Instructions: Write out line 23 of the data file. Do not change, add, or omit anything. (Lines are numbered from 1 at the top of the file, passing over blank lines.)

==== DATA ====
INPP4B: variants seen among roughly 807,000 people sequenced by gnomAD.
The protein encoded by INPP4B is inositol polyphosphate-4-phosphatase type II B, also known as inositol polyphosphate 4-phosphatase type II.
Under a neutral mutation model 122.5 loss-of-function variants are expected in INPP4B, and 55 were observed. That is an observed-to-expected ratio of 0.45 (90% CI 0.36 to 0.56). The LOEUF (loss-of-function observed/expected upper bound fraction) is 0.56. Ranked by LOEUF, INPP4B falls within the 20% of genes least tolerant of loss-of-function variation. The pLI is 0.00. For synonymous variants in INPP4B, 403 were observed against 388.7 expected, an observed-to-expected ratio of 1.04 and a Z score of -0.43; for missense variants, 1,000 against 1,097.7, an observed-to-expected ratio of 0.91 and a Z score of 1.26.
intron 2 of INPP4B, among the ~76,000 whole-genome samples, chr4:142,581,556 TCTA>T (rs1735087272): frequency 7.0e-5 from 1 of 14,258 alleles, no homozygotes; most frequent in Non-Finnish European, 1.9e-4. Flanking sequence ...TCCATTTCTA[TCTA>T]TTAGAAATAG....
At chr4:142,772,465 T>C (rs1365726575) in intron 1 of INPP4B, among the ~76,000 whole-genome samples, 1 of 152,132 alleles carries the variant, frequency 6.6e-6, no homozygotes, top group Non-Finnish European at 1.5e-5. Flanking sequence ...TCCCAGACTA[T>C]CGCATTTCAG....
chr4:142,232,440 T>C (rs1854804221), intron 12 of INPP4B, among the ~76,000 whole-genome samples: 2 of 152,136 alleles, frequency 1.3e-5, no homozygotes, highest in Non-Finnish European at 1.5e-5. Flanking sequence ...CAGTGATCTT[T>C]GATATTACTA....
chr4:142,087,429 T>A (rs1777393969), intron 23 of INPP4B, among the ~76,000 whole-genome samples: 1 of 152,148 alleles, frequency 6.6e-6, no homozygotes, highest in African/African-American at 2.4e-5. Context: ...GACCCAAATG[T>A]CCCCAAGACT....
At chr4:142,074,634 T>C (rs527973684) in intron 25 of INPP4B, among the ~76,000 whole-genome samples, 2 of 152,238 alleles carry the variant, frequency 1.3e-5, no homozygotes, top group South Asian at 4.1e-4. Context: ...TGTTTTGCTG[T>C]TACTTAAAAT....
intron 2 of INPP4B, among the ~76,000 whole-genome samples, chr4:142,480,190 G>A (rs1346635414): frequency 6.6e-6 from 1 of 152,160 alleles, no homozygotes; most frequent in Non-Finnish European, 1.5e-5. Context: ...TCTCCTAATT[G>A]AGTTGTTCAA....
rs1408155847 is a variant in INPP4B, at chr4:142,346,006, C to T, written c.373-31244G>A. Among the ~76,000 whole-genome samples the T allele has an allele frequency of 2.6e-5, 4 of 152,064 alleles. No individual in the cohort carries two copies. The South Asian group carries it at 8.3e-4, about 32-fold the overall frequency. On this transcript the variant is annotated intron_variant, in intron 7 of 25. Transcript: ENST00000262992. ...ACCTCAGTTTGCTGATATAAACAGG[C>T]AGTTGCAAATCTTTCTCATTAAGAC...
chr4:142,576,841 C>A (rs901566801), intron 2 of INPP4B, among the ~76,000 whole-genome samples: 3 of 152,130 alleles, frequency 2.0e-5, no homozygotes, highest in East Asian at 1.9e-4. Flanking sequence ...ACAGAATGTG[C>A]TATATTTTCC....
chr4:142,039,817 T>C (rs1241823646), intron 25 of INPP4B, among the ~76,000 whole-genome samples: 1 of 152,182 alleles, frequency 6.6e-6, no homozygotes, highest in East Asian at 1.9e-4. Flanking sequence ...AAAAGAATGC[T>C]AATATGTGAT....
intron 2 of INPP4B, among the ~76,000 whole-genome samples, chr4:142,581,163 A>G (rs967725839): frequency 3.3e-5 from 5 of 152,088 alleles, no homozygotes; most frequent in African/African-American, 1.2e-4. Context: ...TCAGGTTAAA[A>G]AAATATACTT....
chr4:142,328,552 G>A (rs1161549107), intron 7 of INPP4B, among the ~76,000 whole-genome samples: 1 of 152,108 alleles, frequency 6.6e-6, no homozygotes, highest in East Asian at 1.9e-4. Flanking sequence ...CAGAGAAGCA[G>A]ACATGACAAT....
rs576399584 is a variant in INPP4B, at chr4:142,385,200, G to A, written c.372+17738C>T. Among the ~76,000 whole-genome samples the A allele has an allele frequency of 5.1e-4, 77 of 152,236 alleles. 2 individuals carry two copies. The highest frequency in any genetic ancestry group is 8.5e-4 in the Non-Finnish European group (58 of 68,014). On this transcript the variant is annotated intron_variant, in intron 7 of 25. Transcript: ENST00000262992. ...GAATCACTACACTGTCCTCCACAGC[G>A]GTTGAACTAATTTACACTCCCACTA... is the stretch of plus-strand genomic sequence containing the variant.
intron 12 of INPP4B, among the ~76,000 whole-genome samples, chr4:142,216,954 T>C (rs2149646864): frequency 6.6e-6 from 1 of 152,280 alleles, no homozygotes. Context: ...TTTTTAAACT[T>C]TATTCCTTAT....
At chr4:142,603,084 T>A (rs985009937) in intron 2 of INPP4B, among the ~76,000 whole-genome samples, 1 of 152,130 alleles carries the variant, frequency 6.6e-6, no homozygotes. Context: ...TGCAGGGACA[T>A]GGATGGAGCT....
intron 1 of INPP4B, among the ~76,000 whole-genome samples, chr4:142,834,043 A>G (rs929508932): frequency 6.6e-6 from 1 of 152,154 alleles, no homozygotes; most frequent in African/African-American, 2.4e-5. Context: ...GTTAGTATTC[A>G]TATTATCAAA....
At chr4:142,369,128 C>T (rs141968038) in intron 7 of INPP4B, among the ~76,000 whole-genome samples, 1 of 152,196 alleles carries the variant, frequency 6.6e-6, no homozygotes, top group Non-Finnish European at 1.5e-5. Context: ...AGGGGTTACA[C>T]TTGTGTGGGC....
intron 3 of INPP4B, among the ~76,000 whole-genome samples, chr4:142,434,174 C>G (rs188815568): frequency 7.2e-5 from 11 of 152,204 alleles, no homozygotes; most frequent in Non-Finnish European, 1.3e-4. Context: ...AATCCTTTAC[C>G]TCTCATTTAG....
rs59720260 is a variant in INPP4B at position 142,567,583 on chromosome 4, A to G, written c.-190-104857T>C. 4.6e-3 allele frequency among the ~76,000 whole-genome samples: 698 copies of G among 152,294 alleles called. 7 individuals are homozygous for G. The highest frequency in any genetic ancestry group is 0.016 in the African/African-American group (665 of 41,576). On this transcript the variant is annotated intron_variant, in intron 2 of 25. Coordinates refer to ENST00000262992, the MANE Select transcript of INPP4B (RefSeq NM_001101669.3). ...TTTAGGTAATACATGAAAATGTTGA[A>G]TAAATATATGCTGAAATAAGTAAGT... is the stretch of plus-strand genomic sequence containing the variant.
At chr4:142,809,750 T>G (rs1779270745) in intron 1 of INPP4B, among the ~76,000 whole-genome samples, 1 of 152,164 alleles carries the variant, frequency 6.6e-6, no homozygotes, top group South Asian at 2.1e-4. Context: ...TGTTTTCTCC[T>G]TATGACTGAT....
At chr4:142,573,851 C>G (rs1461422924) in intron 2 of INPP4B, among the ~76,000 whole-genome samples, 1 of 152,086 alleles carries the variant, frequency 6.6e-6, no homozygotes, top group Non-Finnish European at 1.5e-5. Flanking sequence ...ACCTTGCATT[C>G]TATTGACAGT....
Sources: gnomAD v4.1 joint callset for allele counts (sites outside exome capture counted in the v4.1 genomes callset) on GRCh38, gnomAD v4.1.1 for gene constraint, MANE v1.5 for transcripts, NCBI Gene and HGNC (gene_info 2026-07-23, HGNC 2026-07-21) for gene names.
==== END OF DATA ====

At chr4:142,573,851 C>G (rs1461422924) in intron 2 of INPP4B, among the ~76,000 whole-genome samples, 1 of 152,086 alleles carries the variant, frequency 6.6e-6, no homozygotes, top group Non-Finnish European at 1.5e-5. Flanking sequence ...ACCTTGCATT[C>G]TATTGACAGT....